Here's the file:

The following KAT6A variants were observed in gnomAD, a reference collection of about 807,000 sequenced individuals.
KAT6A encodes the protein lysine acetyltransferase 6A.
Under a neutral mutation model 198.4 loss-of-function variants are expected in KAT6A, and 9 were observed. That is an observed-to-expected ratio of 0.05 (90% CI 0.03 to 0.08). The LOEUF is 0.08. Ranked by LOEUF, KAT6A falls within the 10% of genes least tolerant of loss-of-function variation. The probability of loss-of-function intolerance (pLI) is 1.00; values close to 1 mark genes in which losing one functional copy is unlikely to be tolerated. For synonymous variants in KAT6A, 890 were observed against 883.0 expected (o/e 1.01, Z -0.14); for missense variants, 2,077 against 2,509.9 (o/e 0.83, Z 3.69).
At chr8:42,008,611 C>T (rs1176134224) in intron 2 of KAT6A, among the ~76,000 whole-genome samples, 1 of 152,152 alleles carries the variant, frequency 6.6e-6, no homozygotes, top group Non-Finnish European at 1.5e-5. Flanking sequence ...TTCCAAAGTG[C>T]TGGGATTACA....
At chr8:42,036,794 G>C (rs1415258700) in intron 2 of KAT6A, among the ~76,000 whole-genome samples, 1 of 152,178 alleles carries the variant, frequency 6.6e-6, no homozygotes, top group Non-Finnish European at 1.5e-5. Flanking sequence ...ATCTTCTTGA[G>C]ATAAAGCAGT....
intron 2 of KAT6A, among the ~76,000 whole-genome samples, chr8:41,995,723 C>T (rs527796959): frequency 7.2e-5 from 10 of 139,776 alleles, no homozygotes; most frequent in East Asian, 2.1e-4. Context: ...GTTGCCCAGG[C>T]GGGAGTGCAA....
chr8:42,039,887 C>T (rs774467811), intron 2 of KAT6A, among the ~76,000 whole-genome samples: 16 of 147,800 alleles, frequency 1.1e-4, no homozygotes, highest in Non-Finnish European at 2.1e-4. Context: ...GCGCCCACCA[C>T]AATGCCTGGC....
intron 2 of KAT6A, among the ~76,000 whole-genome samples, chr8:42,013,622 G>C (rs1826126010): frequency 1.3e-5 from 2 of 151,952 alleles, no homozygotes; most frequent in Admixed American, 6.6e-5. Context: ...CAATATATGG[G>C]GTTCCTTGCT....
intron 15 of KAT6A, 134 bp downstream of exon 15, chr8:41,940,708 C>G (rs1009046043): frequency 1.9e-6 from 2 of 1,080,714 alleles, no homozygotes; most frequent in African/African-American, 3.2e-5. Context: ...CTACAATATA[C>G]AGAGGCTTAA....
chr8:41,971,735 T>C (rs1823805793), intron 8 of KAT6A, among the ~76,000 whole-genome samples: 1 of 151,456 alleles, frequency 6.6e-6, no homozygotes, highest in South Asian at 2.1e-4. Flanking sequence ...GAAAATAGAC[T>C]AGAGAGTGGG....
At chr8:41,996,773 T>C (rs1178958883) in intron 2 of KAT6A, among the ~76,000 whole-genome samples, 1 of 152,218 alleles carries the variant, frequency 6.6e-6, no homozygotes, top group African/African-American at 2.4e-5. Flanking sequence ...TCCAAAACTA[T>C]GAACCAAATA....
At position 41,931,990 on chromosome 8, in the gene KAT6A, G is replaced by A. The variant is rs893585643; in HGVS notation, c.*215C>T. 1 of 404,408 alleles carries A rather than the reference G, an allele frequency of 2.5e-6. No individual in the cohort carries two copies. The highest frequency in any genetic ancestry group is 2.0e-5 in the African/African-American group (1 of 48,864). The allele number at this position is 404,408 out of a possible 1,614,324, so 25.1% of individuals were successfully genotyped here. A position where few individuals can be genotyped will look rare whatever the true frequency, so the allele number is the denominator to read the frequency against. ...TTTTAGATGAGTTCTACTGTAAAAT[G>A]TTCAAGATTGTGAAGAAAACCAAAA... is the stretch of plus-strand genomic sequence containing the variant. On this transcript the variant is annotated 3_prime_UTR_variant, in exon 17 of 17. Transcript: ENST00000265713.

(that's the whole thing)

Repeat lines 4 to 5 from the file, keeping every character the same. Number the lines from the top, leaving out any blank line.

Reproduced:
At chr8:42,008,611 C>T (rs1176134224) in intron 2 of KAT6A, among the ~76,000 whole-genome samples, 1 of 152,152 alleles carries the variant, frequency 6.6e-6, no homozygotes, top group Non-Finnish European at 1.5e-5. Flanking sequence ...TTCCAAAGTG[C>T]TGGGATTACA....
At chr8:42,036,794 G>C (rs1415258700) in intron 2 of KAT6A, among the ~76,000 whole-genome samples, 1 of 152,178 alleles carries the variant, frequency 6.6e-6, no homozygotes, top group Non-Finnish European at 1.5e-5. Flanking sequence ...ATCTTCTTGA[G>C]ATAAAGCAGT....